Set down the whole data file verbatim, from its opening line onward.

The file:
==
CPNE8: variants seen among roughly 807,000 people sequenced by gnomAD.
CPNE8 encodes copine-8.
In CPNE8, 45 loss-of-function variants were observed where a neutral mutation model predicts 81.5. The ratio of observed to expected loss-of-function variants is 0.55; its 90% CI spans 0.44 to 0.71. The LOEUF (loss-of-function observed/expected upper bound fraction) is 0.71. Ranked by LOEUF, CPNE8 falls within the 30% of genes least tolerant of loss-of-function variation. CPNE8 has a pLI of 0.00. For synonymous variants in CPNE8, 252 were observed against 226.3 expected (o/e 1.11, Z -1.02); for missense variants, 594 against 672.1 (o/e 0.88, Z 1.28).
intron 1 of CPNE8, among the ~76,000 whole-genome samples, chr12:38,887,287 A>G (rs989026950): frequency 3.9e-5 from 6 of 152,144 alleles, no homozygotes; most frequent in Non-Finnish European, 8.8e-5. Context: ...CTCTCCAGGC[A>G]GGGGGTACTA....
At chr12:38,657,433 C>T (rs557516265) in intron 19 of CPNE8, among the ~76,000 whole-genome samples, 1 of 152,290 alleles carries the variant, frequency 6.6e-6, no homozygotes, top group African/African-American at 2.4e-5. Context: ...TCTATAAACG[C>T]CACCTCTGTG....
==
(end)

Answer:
CPNE8: variants seen among roughly 807,000 people sequenced by gnomAD.
CPNE8 encodes copine-8.
In CPNE8, 45 loss-of-function variants were observed where a neutral mutation model predicts 81.5. The ratio of observed to expected loss-of-function variants is 0.55; its 90% CI spans 0.44 to 0.71. The LOEUF (loss-of-function observed/expected upper bound fraction) is 0.71. Ranked by LOEUF, CPNE8 falls within the 30% of genes least tolerant of loss-of-function variation. CPNE8 has a pLI of 0.00. For synonymous variants in CPNE8, 252 were observed against 226.3 expected (o/e 1.11, Z -1.02); for missense variants, 594 against 672.1 (o/e 0.88, Z 1.28).
intron 1 of CPNE8, among the ~76,000 whole-genome samples, chr12:38,887,287 A>G (rs989026950): frequency 3.9e-5 from 6 of 152,144 alleles, no homozygotes; most frequent in Non-Finnish European, 8.8e-5. Context: ...CTCTCCAGGC[A>G]GGGGGTACTA....
At chr12:38,657,433 C>T (rs557516265) in intron 19 of CPNE8, among the ~76,000 whole-genome samples, 1 of 152,290 alleles carries the variant, frequency 6.6e-6, no homozygotes, top group African/African-American at 2.4e-5. Context: ...TCTATAAACG[C>T]CACCTCTGTG....